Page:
If Islam failed to find a mooring to ground itself in this version of Modernity or Post-Modernity, the phenomenon of 9/11 certainly has done so for it. The offshoot from this grounding has been the creation of a new class of “intellectuals” and pundits, all claiming from various angles to be experts on Islam. The dominate culture and media engine then picks and chooses its star players like selecting sides at a salad bar. The preferred choices seem to rank with “Progressive Muslims”, liberal Muslims, and the great crowd pleaser, the Apostates. Interestingly enough, these three groups share some interesting characteristics, primarily, that many do not “practice” Islam [it is instead a social club or cultural experience] and are often detached and aloof from the very communities they either berate or in some form of pity, attempt to “reform”.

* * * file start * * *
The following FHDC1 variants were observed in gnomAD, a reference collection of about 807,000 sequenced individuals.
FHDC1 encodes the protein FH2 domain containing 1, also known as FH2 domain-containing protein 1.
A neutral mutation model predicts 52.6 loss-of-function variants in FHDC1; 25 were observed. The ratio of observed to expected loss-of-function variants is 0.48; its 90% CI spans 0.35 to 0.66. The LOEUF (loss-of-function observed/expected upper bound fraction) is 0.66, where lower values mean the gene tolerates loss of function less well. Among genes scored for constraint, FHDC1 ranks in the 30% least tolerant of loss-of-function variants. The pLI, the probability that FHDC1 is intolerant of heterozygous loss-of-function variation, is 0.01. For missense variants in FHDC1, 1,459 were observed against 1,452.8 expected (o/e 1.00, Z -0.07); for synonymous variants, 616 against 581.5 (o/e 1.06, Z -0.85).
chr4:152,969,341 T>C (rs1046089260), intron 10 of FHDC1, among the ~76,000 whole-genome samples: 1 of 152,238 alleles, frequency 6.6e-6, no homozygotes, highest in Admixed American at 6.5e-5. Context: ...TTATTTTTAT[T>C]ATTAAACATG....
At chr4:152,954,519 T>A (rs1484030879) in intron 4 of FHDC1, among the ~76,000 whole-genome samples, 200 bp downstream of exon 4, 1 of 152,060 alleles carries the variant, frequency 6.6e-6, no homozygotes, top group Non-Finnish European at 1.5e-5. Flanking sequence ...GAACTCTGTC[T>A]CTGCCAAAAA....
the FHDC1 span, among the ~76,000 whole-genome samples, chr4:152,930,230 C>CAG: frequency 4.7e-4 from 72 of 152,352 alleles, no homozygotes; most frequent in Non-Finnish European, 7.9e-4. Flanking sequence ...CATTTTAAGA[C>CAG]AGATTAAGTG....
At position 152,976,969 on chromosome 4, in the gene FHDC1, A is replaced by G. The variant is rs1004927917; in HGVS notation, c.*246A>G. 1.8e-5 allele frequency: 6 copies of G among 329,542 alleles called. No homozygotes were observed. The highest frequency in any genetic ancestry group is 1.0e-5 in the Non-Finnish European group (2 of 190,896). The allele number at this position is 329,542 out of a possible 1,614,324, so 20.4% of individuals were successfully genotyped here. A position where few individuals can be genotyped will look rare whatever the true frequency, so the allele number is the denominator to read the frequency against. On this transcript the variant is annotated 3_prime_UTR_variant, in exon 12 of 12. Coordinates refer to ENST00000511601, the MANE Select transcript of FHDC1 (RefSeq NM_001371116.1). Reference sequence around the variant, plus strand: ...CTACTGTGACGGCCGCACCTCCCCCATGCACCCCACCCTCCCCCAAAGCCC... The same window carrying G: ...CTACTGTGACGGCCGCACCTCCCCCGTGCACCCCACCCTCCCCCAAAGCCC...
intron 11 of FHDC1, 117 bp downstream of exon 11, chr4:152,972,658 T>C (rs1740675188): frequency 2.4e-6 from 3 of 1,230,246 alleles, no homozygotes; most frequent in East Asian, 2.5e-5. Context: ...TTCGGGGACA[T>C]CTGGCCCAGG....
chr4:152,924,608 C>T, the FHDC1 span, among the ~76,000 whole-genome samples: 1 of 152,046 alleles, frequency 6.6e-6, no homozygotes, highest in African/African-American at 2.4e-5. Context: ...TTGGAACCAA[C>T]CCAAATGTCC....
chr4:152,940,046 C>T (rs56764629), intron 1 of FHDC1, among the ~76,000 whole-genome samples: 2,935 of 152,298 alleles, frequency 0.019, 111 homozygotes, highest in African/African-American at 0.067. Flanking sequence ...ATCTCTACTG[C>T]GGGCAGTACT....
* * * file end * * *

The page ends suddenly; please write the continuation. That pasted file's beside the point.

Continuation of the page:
The other day, I was sent a link from a popular Muslim critic and “reformer”, Ali Eteraz, informing me he had written a piece on Noam Chomsky and the linguist’s lack of sufficient dissent. I am familiar with Ali and have been in correspondence with him, off and on, over the past couple of years. So in the spirit of his article and critique of Noam and “those who invoke him”, I too shall offer a reprisal of Ali’s post and offer some insights as well as possible alternatives. Continue reading “The Hating Game”

More Thoughts On the Exclusivity of Whiteness